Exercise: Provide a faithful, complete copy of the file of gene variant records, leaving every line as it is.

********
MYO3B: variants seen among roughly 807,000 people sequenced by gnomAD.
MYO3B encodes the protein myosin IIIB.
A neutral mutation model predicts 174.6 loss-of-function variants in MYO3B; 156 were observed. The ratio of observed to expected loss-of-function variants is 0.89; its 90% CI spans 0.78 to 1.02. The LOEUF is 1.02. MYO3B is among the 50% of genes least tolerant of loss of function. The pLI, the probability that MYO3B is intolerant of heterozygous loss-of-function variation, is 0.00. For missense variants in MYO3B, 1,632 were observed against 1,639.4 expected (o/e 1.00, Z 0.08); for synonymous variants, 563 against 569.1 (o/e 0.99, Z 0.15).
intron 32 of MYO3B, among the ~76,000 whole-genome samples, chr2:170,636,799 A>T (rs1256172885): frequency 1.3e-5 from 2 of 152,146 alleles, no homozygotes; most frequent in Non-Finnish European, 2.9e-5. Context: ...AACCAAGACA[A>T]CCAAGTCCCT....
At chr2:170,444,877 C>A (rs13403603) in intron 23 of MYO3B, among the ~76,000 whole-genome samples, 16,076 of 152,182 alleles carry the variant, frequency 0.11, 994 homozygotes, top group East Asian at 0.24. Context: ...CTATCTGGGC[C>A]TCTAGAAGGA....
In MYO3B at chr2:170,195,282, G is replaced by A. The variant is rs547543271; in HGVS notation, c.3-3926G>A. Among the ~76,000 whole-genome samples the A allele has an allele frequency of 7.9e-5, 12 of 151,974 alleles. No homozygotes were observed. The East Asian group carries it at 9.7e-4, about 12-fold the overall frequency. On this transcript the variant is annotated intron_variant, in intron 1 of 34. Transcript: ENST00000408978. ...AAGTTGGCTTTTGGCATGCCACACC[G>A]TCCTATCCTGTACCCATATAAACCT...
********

MYO3B: variants seen among roughly 807,000 people sequenced by gnomAD.
MYO3B encodes the protein myosin IIIB.
A neutral mutation model predicts 174.6 loss-of-function variants in MYO3B; 156 were observed. The ratio of observed to expected loss-of-function variants is 0.89; its 90% CI spans 0.78 to 1.02. The LOEUF is 1.02. MYO3B is among the 50% of genes least tolerant of loss of function. The pLI, the probability that MYO3B is intolerant of heterozygous loss-of-function variation, is 0.00. For missense variants in MYO3B, 1,632 were observed against 1,639.4 expected (o/e 1.00, Z 0.08); for synonymous variants, 563 against 569.1 (o/e 0.99, Z 0.15).
intron 32 of MYO3B, among the ~76,000 whole-genome samples, chr2:170,636,799 A>T (rs1256172885): frequency 1.3e-5 from 2 of 152,146 alleles, no homozygotes; most frequent in Non-Finnish European, 2.9e-5. Context: ...AACCAAGACA[A>T]CCAAGTCCCT....
At chr2:170,444,877 C>A (rs13403603) in intron 23 of MYO3B, among the ~76,000 whole-genome samples, 16,076 of 152,182 alleles carry the variant, frequency 0.11, 994 homozygotes, top group East Asian at 0.24. Context: ...CTATCTGGGC[C>A]TCTAGAAGGA....
In MYO3B at chr2:170,195,282, G is replaced by A. The variant is rs547543271; in HGVS notation, c.3-3926G>A. Among the ~76,000 whole-genome samples the A allele has an allele frequency of 7.9e-5, 12 of 151,974 alleles. No homozygotes were observed. The East Asian group carries it at 9.7e-4, about 12-fold the overall frequency. On this transcript the variant is annotated intron_variant, in intron 1 of 34. Transcript: ENST00000408978. ...AAGTTGGCTTTTGGCATGCCACACC[G>A]TCCTATCCTGTACCCATATAAACCT...